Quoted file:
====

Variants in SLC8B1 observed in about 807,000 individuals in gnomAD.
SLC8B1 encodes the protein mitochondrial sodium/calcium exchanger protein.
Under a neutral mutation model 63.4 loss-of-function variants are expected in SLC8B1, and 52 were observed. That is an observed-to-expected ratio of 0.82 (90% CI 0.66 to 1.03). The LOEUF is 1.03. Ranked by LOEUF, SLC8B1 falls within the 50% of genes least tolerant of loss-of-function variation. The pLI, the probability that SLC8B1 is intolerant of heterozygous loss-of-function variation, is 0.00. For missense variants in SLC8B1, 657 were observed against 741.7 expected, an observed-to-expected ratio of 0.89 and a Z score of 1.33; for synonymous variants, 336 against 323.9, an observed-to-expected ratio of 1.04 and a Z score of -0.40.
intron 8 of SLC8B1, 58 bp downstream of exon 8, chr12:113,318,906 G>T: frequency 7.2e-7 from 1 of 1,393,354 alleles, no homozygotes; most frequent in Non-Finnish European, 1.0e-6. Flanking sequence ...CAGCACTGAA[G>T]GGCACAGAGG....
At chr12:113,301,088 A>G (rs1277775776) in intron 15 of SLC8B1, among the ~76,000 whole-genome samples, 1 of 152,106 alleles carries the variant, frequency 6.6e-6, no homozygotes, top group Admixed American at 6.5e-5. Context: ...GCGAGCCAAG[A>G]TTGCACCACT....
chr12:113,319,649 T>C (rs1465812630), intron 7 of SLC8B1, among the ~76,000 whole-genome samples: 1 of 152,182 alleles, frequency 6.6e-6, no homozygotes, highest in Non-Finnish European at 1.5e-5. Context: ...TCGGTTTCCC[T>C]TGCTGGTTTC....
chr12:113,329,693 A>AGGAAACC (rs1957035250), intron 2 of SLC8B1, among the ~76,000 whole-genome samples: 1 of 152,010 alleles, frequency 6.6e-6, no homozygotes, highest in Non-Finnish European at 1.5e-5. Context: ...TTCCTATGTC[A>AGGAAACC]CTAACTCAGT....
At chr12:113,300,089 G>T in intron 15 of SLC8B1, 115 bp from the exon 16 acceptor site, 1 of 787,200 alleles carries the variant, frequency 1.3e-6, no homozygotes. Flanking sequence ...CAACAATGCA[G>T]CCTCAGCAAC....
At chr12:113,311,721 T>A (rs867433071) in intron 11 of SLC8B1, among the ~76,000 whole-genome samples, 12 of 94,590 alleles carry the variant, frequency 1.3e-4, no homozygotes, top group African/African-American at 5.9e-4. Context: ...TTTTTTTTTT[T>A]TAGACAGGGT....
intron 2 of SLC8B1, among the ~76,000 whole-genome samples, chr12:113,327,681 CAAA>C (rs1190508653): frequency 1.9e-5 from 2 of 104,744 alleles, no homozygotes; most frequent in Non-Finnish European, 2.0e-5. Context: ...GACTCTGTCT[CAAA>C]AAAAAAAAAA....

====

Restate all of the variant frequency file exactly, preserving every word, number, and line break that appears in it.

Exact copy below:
Variants in SLC8B1 observed in about 807,000 individuals in gnomAD.
SLC8B1 encodes the protein mitochondrial sodium/calcium exchanger protein.
Under a neutral mutation model 63.4 loss-of-function variants are expected in SLC8B1, and 52 were observed. That is an observed-to-expected ratio of 0.82 (90% CI 0.66 to 1.03). The LOEUF is 1.03. Ranked by LOEUF, SLC8B1 falls within the 50% of genes least tolerant of loss-of-function variation. The pLI, the probability that SLC8B1 is intolerant of heterozygous loss-of-function variation, is 0.00. For missense variants in SLC8B1, 657 were observed against 741.7 expected, an observed-to-expected ratio of 0.89 and a Z score of 1.33; for synonymous variants, 336 against 323.9, an observed-to-expected ratio of 1.04 and a Z score of -0.40.
intron 8 of SLC8B1, 58 bp downstream of exon 8, chr12:113,318,906 G>T: frequency 7.2e-7 from 1 of 1,393,354 alleles, no homozygotes; most frequent in Non-Finnish European, 1.0e-6. Flanking sequence ...CAGCACTGAA[G>T]GGCACAGAGG....
At chr12:113,301,088 A>G (rs1277775776) in intron 15 of SLC8B1, among the ~76,000 whole-genome samples, 1 of 152,106 alleles carries the variant, frequency 6.6e-6, no homozygotes, top group Admixed American at 6.5e-5. Context: ...GCGAGCCAAG[A>G]TTGCACCACT....
chr12:113,319,649 T>C (rs1465812630), intron 7 of SLC8B1, among the ~76,000 whole-genome samples: 1 of 152,182 alleles, frequency 6.6e-6, no homozygotes, highest in Non-Finnish European at 1.5e-5. Context: ...TCGGTTTCCC[T>C]TGCTGGTTTC....
chr12:113,329,693 A>AGGAAACC (rs1957035250), intron 2 of SLC8B1, among the ~76,000 whole-genome samples: 1 of 152,010 alleles, frequency 6.6e-6, no homozygotes, highest in Non-Finnish European at 1.5e-5. Context: ...TTCCTATGTC[A>AGGAAACC]CTAACTCAGT....
At chr12:113,300,089 G>T in intron 15 of SLC8B1, 115 bp from the exon 16 acceptor site, 1 of 787,200 alleles carries the variant, frequency 1.3e-6, no homozygotes. Flanking sequence ...CAACAATGCA[G>T]CCTCAGCAAC....
At chr12:113,311,721 T>A (rs867433071) in intron 11 of SLC8B1, among the ~76,000 whole-genome samples, 12 of 94,590 alleles carry the variant, frequency 1.3e-4, no homozygotes, top group African/African-American at 5.9e-4. Context: ...TTTTTTTTTT[T>A]TAGACAGGGT....
intron 2 of SLC8B1, among the ~76,000 whole-genome samples, chr12:113,327,681 CAAA>C (rs1190508653): frequency 1.9e-5 from 2 of 104,744 alleles, no homozygotes; most frequent in Non-Finnish European, 2.0e-5. Context: ...GACTCTGTCT[CAAA>C]AAAAAAAAAA....